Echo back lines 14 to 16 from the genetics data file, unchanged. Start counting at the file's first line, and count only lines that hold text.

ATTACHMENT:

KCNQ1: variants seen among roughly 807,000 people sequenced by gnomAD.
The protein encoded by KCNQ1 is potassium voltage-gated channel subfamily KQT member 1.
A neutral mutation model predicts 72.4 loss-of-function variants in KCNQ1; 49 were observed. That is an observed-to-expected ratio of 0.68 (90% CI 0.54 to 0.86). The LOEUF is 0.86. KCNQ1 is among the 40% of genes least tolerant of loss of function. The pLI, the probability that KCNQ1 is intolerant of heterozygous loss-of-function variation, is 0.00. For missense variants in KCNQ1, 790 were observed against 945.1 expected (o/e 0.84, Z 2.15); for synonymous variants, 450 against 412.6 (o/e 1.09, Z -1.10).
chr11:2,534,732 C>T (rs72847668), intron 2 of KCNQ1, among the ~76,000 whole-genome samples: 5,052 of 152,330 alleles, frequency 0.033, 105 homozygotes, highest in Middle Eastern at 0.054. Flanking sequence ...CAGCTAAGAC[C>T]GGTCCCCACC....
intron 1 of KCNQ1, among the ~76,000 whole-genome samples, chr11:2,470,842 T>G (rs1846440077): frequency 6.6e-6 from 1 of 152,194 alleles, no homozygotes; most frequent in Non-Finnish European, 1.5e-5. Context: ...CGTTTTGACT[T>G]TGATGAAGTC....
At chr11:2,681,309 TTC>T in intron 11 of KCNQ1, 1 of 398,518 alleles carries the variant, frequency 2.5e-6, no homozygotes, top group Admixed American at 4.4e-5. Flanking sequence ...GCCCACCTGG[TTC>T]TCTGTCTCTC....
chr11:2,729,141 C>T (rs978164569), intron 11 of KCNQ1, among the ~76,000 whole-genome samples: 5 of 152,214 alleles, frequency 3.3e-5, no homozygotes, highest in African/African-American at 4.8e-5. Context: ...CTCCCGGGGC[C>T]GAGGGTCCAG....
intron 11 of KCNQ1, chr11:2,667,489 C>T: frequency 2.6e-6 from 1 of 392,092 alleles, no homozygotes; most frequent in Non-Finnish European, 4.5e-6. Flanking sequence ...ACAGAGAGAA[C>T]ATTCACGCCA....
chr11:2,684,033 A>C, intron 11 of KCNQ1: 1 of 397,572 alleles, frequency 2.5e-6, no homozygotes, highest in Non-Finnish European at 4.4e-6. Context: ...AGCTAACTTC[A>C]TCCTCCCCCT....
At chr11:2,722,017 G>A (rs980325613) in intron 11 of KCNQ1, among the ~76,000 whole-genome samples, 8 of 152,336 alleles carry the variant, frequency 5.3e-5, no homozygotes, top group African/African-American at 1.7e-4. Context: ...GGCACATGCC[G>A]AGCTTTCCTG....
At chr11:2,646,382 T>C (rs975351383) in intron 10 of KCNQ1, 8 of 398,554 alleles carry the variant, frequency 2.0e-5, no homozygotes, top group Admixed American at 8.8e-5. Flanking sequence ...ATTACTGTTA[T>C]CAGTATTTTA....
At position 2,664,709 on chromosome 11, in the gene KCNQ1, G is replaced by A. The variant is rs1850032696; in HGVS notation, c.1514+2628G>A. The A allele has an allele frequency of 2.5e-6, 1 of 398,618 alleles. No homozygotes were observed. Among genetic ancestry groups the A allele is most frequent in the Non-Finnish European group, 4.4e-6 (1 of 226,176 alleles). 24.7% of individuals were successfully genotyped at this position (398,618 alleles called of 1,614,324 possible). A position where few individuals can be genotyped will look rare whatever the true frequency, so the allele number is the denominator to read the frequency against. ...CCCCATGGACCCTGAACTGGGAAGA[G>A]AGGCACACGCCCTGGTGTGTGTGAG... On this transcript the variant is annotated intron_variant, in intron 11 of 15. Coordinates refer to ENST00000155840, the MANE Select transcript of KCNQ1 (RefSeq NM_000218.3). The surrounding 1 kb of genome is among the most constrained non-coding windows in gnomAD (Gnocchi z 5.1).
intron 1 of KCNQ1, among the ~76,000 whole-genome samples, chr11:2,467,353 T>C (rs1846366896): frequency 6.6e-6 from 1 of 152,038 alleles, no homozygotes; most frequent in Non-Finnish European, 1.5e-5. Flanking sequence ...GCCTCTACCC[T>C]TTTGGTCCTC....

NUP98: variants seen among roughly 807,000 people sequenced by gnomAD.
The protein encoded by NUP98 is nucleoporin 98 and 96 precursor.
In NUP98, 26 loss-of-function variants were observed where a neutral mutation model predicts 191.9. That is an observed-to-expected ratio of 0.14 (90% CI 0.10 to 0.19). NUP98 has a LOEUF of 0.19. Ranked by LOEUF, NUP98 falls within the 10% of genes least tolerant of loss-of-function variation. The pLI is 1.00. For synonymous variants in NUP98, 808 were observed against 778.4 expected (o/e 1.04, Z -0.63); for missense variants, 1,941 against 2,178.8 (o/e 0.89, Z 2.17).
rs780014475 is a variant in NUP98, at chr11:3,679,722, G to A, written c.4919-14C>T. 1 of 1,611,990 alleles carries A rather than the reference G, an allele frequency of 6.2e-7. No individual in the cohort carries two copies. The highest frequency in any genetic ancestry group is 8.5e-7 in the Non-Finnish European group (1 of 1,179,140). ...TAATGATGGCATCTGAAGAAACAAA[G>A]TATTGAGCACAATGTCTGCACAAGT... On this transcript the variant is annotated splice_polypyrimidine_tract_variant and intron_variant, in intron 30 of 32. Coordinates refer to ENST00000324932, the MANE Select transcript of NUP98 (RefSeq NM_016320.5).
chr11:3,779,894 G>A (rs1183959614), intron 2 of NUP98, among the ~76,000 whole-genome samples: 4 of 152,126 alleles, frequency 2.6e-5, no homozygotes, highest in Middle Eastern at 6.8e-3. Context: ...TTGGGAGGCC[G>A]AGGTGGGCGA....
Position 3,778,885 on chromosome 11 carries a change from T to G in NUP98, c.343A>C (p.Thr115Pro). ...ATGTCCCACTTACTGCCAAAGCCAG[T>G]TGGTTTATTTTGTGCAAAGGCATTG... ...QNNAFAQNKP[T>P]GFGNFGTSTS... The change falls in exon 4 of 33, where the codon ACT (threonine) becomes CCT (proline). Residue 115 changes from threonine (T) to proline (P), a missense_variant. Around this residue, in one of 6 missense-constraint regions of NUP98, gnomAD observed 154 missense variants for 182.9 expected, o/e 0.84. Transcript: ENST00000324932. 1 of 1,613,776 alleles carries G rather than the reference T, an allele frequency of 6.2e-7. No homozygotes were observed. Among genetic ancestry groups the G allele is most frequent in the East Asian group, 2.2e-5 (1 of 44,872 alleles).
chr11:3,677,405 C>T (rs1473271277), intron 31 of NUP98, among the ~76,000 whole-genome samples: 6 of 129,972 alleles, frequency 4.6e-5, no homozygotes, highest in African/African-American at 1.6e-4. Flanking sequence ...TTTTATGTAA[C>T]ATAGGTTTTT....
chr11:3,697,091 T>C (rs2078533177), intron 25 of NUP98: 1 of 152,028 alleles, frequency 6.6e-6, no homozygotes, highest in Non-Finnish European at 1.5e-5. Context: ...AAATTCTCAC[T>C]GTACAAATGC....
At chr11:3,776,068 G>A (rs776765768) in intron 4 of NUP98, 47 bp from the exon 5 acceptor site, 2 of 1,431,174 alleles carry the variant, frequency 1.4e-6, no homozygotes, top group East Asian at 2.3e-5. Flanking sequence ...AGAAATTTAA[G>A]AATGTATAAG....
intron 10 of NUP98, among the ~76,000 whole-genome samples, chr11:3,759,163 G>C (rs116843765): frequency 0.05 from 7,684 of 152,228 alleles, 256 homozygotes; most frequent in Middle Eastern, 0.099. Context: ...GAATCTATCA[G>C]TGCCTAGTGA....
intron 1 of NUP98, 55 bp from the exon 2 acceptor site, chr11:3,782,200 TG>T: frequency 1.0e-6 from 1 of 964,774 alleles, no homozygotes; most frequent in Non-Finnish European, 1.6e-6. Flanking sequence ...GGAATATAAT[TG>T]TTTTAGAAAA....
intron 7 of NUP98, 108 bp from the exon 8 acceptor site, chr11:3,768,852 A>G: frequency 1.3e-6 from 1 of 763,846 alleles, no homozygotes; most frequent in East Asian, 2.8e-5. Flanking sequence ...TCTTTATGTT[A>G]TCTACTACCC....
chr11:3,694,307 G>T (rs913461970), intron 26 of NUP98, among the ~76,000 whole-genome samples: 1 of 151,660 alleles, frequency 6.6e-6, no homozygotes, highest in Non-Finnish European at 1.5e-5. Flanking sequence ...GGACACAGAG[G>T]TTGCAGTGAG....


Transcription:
NUP98: variants seen among roughly 807,000 people sequenced by gnomAD.
The protein encoded by NUP98 is nucleoporin 98 and 96 precursor.
In NUP98, 26 loss-of-function variants were observed where a neutral mutation model predicts 191.9. That is an observed-to-expected ratio of 0.14 (90% CI 0.10 to 0.19). NUP98 has a LOEUF of 0.19. Ranked by LOEUF, NUP98 falls within the 10% of genes least tolerant of loss-of-function variation. The pLI is 1.00. For synonymous variants in NUP98, 808 were observed against 778.4 expected (o/e 1.04, Z -0.63); for missense variants, 1,941 against 2,178.8 (o/e 0.89, Z 2.17).